MINNEAPOLIS – As Jerry Kramer awaited his Hall of Fame fate late Saturday afternoon in his Minneapolis hotel room, he finally heard a knock on the door.
"It was the maid," Kramer joked.
The next knock was the booming rap of Pro Football Hall of Fame president and CEO David Baker with the news that Kramer had waited decades to hear.
Jerry Kramer is a Hall of Famer.
"It's like the archangel, right? Like somebody from heaven came down," Kramer said Saturday night, with his 82-year-old wit, wisdom and storytelling in full force during what he called one of the best days of his life.
"Boom, boom, boom … That's it. That's it!"
Kramer's selection to Canton's class of 2018 rights what many consider the Hall of Fame's greatest wrong. Longtime NFL writer, voter and senior committee member Rick Gosselin, who presented Kramer's case as a senior nominee during Saturday's day-long selection meeting, had been on record for years saying so, and he wasn't alone.
This was Kramer's 11th time as a Hall of Fame finalist, nine times via the regular modern-day route and now twice via the senior committee. His last time as a finalist was 21 years ago.
He's no longer the player named a finalist the most times to not receive induction. He's no longer the only member of the NFL's 50th anniversary team not in the Hall. He's no longer the player from Vince Lombardi's five-time championship team of the 1960s so many assumed was enshrined already.
"I think he's kind of the one everybody's like, 'Why is Jerry not in?'" Packers quarterback Aaron Rodgers said from the NFL Honors red carpet just a couple of hours before the news was announced. "He's a fantastic Packer and it would be great to kind of cement those Lombardi teams with him in the Hall."
Also from the red carpet, former Packers Sterling Sharpe and Charles Woodson jointly fell into the "what-took-so-long" camp.
"When Jerry Kramer played, he was one of the best offensive linemen in the National Football League," Sharpe said. "I don't think that changed."
Added Woodson: "This guy was regarded as the best of an era, and it's kind of hard to believe you have that title and you're not in the Hall of Fame, and we're still talking about it in 2018."
Gratefully, it need not be talked about anymore.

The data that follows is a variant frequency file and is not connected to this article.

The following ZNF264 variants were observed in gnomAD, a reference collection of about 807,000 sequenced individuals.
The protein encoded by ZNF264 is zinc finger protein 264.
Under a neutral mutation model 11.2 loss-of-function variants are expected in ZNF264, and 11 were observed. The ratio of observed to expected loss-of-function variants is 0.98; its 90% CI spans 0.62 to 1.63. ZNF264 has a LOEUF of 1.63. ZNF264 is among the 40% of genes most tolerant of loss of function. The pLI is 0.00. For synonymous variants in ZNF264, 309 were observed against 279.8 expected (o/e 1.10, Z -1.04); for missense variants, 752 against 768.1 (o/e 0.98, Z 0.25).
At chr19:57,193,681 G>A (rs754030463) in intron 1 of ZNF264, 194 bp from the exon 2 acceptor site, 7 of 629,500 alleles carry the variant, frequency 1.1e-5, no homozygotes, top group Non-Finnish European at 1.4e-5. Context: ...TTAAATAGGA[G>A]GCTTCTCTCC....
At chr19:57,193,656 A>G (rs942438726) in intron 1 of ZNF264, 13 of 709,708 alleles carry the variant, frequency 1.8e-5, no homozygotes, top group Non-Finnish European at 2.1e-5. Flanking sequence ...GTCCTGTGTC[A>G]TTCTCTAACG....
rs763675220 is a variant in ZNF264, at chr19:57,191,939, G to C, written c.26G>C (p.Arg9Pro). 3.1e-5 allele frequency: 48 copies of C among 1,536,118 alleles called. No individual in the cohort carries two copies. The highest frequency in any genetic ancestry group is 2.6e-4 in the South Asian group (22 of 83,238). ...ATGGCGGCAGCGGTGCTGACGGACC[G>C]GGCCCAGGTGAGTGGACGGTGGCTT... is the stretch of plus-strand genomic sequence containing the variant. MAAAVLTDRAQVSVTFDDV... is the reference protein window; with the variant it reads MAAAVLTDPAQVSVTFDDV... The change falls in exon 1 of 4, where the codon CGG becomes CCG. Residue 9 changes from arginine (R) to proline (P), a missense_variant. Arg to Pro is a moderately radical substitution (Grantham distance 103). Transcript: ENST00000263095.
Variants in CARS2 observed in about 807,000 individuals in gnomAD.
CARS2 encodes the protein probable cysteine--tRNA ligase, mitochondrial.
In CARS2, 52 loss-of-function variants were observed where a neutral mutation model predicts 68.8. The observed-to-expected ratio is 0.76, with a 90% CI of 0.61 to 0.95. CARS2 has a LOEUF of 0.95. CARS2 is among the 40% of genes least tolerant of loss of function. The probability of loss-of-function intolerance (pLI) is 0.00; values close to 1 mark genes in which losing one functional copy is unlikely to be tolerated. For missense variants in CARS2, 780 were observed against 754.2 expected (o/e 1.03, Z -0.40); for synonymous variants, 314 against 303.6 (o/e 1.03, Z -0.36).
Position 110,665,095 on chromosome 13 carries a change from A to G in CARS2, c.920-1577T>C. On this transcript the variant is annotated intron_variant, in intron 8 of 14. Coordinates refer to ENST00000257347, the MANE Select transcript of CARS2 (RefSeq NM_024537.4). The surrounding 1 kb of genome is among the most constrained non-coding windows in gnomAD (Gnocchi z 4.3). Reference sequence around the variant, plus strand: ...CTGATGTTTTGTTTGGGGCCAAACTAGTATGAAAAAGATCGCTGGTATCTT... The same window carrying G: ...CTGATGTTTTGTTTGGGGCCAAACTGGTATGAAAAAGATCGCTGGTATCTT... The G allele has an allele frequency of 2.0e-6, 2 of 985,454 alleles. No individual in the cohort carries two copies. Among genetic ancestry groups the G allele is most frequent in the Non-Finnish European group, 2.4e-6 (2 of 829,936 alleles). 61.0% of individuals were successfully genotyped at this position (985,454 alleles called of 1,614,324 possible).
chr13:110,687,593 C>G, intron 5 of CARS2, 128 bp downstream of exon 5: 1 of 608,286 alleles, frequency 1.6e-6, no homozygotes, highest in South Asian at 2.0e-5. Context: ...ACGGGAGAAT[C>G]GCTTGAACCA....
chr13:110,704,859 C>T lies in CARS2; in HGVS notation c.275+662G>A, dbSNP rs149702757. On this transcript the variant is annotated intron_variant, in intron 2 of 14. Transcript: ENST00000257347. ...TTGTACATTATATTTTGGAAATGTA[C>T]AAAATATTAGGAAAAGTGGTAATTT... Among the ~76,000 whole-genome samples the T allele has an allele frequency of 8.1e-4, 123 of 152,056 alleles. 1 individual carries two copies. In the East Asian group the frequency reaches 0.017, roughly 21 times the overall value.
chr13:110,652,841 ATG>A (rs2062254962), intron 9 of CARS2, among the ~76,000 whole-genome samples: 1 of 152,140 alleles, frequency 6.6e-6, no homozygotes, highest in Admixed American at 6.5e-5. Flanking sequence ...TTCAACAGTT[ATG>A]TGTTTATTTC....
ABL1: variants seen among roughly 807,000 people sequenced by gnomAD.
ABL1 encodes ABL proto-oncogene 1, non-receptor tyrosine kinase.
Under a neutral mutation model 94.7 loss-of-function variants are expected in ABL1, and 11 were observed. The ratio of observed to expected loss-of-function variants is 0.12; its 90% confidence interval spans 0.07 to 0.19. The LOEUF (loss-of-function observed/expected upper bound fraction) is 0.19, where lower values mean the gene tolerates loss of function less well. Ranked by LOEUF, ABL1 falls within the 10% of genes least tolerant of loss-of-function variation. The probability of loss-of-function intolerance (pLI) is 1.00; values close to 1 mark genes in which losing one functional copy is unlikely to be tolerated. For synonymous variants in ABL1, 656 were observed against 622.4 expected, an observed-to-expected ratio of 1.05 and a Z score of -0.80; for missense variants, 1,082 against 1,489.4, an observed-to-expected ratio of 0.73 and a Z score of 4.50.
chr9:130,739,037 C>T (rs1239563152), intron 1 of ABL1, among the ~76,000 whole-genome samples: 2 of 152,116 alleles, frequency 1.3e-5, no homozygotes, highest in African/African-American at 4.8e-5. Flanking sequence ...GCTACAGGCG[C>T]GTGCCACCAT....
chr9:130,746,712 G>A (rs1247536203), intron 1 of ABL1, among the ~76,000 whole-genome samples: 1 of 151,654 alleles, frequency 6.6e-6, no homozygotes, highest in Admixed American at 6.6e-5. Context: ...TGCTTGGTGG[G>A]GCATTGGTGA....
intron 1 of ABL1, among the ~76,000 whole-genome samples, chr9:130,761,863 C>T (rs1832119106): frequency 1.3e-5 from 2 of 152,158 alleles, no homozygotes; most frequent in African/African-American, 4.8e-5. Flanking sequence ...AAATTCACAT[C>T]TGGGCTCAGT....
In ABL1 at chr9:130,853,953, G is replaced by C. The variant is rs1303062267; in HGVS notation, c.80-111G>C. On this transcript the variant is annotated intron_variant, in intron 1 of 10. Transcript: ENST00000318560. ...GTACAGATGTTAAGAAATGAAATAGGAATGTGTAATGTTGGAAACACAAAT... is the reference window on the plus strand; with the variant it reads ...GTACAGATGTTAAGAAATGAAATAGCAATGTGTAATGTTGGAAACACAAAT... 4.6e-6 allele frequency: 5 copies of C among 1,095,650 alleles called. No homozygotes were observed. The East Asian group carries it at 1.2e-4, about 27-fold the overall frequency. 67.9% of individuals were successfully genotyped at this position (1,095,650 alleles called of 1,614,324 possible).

The five-time first-team All-Pro who threw the most famous block in NFL history on the goal line in the Ice Bowl will become the 25th member of the Packers – and the 13th of the Lombardi Packers, including the coach himself – to be inducted when the Hall holds its annual ceremonies this coming summer.
Kramer has never actually visited Canton, Ohio, refusing to stop anytime on his way by as a quiet personal protest. His first visit will mean the world.
Former Packers G Jerry Kramer will be enshrined into the Pro Football Hall of Fame this weekend. Photos by Frank Rippon, AP, Laughead Photographers, Stiller-Lefebvre Collections, Evan Siegle & Matt Becker, packers.com
"I can't wait, of course," he said. "It's just a whole different deal, a whole different thing. I've been invited. I'm welcome.
"We'll have us a big party in Canton. We're going to blow the roof off actually is what we're going to do."
Kramer didn't make it official, but he strongly suggested he's going to have his daughter, Alicia, who has long spearheaded his induction campaign, present him in August for enshrinement.
He also thanked countless teammates and fans who have supported him, calling Packers fans "beyond description and beyond words."
Kramer long ago shied away from self-promotion, having heard all the reasons he wasn't in – that the books he authored rubbed people the wrong way, that too many Lombardi Packers were enshrined already, that he had enough chances – and he'd accepted that it wasn't going to happen.
Yet it's fitting that the candidacy of a player who battled through everything he did to play from 1958 through 1968 never actually went away.
Kramer the storyteller rattled off his injuries on Saturday night: "I separated the bones in my ankle, broke the leg below the knee, broke the ribs, chipped the vertebrae, broke the thumb, detached retina, concussions … Nothing serious, but quite a list," he said. "It just didn't occur to me to quit."
No one working behind the scenes or in the public realm quit either, and thoughts of them were among the "45,000 emotions" running through Kramer upon hearing the news, which he said put him "over the top."
"I don't think it can get sweeter," Kramer said of having to wait so long. He also waxed a bit nostalgic about everything that will come with the honor – the gold jacket, the bronze bust of immortality, his name on the Lambeau Field façade.
"There were 10 times I was waiting for a knock on my door and it didn't come," he said. "So there wasn't a great deal of confidence that it was going to happen this time.
"It was something I was afraid to believe in, I was afraid to hope for. So I kept trying to keep those emotions out there somewhere. But hey, I'm here and I'm part of the group. Thank you very much."